The recent update to the UK Food Standards Agency (FSA)’s list of CBD products linked to validated novel food applications has created further issues and questions in the industry. Perhaps the biggest of all is: After all that time, effort and expense, what will actually change?
And the answer from one point of view is: Very little. When looking at the list of products, it seems it has been either larger CBD companies, CBD companies that sell through major retailers, or smaller brands that are based on a social responsibility/safety image that have been successful in gaining validation.
This, when coupled with the acknowledged resource-strapped state of Trading Standards (TS), suggests little is going to change on the UK market through the short to mid-term.
Trading Standards, product enforcement officials linked to local government in the UK, have previously said that given the wide range of enforcement issues, they must prioritise. And after issues of safety, illicit alcohol and tobacco are likely to be the concern of most individual TS units. Beyond that, most will only act on non-safety novel food compliance issues if directed to do so by complaints received.
This means it will likely take a series of complaints for any non-novel food application supported products not voluntarily withdrawn from the market to face enforcement action. It is likely such complaints will arise from competitors as well as industry associations supporting compliant companies. (Some calls for action have already been made, to mixed feelings among those running businesses, regardless of compliance status.)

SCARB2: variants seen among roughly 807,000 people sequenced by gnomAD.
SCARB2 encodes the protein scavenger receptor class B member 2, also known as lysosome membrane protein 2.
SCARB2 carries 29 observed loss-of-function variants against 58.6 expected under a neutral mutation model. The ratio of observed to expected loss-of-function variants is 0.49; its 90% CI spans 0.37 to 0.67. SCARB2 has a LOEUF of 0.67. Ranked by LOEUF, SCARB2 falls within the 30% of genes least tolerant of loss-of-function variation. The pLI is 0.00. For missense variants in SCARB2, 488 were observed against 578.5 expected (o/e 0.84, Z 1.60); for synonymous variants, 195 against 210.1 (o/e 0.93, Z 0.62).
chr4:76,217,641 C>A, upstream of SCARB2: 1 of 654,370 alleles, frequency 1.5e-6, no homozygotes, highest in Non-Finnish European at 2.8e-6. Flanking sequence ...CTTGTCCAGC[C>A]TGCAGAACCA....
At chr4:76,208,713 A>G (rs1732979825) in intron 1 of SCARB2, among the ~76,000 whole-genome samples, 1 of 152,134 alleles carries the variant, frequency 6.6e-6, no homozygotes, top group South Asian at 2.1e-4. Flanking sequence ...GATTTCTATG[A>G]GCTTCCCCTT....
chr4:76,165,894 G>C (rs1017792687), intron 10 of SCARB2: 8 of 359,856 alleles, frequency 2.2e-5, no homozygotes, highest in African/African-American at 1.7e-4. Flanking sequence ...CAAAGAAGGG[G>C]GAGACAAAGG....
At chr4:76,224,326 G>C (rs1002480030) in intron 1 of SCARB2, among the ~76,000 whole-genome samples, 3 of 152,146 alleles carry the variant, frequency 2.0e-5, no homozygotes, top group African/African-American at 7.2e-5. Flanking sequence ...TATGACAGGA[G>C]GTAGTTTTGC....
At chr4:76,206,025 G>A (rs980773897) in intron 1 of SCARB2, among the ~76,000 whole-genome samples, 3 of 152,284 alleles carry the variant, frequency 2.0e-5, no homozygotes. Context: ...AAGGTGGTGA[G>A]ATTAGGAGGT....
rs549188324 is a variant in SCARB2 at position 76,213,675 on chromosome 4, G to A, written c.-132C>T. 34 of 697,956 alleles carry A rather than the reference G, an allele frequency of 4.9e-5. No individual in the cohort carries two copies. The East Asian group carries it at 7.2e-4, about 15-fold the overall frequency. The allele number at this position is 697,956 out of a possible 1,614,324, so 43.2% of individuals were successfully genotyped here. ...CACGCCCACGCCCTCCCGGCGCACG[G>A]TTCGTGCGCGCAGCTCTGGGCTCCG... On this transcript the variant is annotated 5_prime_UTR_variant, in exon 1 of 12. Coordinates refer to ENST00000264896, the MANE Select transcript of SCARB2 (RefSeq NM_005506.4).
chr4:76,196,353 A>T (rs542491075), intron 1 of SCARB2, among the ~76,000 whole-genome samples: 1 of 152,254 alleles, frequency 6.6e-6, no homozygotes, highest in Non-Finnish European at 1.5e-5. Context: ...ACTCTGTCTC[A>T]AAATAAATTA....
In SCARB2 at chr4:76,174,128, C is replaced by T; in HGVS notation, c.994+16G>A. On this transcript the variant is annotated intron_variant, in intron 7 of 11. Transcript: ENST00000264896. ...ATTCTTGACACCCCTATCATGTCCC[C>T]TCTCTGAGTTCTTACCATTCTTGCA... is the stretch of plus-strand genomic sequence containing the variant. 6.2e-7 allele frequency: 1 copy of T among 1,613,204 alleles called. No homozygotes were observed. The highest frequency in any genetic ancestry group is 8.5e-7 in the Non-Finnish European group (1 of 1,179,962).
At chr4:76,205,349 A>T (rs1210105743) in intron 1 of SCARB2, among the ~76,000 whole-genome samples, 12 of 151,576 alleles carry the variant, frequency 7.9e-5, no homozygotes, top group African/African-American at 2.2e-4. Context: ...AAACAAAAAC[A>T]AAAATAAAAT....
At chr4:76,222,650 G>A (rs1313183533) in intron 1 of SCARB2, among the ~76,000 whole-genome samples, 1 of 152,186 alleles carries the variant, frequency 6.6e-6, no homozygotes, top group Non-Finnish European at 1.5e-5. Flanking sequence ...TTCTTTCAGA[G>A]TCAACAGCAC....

But given the piecemeal nature of TS enforcement – with different local government branches able to operate fairly autonomously – and the likely small retail nature of non-compliant products, any efforts to force action to be taken could be a long drawn-out process.
In effect, the big wins have already been made. Large retailers have only been working with companies that have been moving towards compliance and few listings among the major sellers will be affected by the eventual fully published list, expected 30th June (assuming updates between now and then do not accidentally again leave products off through clerical error).
So it could be said that’s the objective novel food validation was hoping to achieve – keep large retailers to selling more rigorously regulated products, under the assumption that is safer for consumers. But in terms of market make-up, it remains to be seen just how much difference a full published list will make.
– Freddie Dawson CBD-Intel staff
Photo: Wikimedia Commons
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